Tax Havens Not Safe Havens



Things are bad all over. Writers for The Wall Street Journal have retreated to their international gold- and lead-lined bunkers, from which they are writing articles in defense of tax havens. The usual suspects Sens. Carl Levin (D-Mich.), Bryon Dorgan (D-N.D.), and Max Baucus (D-Mont.), plus Treasury officials, are trying to snag tax money from some American companies that are incorporated and operate outside the United States. As things currently stand, these companies can defer U.S. taxes on money earned overseas until it is brought into the United States. 

This is the government equivalent of scrounging in the couch cushions for change…at someone else's house. But hey, they need the money, right? That part at least sort of makes sense, although it will discourage certain useful kinds of reinvestment in firms that function abroad and have other negative consequences for people who really need financial privacy in the face of corrupt and kleptocratic governments. But then there's this:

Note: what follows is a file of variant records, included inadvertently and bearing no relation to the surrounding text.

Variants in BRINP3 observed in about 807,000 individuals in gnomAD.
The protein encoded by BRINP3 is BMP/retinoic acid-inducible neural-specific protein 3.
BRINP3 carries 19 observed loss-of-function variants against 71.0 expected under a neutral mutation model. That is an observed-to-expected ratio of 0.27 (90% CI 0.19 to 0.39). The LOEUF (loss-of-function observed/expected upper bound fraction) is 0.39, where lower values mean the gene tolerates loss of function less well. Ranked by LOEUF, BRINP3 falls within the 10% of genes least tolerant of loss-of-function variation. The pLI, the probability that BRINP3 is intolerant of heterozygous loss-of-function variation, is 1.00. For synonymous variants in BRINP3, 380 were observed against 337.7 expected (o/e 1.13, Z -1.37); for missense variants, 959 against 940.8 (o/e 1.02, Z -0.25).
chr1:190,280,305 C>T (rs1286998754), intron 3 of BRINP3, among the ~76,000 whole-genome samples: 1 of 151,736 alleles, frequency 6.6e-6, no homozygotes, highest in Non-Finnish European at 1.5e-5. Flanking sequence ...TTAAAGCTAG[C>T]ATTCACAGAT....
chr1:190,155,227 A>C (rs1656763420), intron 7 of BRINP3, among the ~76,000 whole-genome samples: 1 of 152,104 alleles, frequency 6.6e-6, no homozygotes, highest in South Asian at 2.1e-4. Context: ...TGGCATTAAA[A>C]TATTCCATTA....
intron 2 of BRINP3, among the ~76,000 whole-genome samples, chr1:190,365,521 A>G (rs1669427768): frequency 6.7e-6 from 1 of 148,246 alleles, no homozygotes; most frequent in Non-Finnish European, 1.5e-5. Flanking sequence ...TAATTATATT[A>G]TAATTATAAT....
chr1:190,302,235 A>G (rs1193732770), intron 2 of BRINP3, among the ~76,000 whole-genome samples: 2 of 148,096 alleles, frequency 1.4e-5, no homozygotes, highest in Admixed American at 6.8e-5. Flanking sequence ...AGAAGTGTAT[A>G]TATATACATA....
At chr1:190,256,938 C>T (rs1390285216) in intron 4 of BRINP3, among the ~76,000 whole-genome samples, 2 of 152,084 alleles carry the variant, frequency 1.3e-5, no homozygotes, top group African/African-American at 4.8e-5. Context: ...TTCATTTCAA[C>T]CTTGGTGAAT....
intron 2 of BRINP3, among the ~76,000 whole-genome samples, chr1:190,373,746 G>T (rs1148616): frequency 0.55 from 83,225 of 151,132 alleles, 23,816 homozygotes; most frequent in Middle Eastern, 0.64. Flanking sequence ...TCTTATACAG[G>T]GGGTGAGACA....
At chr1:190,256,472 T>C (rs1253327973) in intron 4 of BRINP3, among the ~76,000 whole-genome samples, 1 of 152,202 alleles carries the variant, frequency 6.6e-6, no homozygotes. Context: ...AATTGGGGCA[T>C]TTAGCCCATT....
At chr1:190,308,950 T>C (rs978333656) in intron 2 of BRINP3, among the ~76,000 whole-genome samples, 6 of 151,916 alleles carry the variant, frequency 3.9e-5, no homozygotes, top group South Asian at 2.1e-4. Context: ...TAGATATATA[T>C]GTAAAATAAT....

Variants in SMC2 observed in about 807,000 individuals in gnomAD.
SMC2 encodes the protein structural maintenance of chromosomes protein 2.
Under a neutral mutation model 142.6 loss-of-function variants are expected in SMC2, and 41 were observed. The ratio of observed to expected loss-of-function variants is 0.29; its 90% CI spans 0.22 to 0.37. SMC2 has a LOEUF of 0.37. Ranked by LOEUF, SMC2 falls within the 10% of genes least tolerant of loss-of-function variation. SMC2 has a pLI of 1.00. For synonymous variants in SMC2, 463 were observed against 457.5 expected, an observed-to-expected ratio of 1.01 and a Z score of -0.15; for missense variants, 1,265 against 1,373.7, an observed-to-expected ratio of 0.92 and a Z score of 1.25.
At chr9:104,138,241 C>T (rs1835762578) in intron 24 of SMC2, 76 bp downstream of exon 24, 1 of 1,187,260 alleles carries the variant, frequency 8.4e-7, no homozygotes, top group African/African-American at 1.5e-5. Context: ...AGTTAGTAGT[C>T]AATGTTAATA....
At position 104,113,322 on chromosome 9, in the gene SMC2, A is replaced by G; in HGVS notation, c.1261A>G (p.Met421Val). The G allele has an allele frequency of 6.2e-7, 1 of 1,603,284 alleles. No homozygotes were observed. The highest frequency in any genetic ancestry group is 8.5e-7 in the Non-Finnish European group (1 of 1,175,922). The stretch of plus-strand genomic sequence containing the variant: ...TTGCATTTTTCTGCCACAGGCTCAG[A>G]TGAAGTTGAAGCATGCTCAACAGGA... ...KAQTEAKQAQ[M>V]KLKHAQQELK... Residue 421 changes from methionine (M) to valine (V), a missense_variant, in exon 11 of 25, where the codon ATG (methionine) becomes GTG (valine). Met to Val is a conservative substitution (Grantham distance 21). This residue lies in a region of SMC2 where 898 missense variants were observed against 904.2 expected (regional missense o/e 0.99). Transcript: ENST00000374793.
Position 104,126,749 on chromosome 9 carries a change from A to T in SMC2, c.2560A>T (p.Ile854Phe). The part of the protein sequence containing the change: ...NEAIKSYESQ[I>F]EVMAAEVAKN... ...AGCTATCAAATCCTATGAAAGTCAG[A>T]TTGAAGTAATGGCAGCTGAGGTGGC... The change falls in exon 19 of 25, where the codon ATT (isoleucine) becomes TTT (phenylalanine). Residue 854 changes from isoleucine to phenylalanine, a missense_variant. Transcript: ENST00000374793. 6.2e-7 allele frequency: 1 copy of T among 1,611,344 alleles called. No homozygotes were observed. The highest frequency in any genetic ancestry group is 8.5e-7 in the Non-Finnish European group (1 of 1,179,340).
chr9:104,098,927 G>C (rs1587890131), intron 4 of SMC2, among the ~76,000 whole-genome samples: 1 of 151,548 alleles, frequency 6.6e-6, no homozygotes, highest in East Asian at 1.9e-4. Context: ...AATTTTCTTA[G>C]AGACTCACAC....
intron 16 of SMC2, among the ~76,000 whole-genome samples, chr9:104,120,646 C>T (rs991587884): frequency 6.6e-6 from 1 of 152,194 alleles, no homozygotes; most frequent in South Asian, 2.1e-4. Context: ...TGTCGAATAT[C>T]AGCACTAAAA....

In addition to charges of tax evasion, some members of Congress—echoing European politicians including France's President Nicolas Sarkozy and British Prime Minister Gordon Brown—have even tried to scapegoat the low-tax jurisdictions as somehow being responsible for the global recession. They are demanding that the G-20 countries come up with action proposals against them at their meeting next month.

There are a lot of people to blame for what happened with the economy, but Switzerland's privacy regulations and Bermuda's tax policy probably shouldn't be anywhere near the top of that list.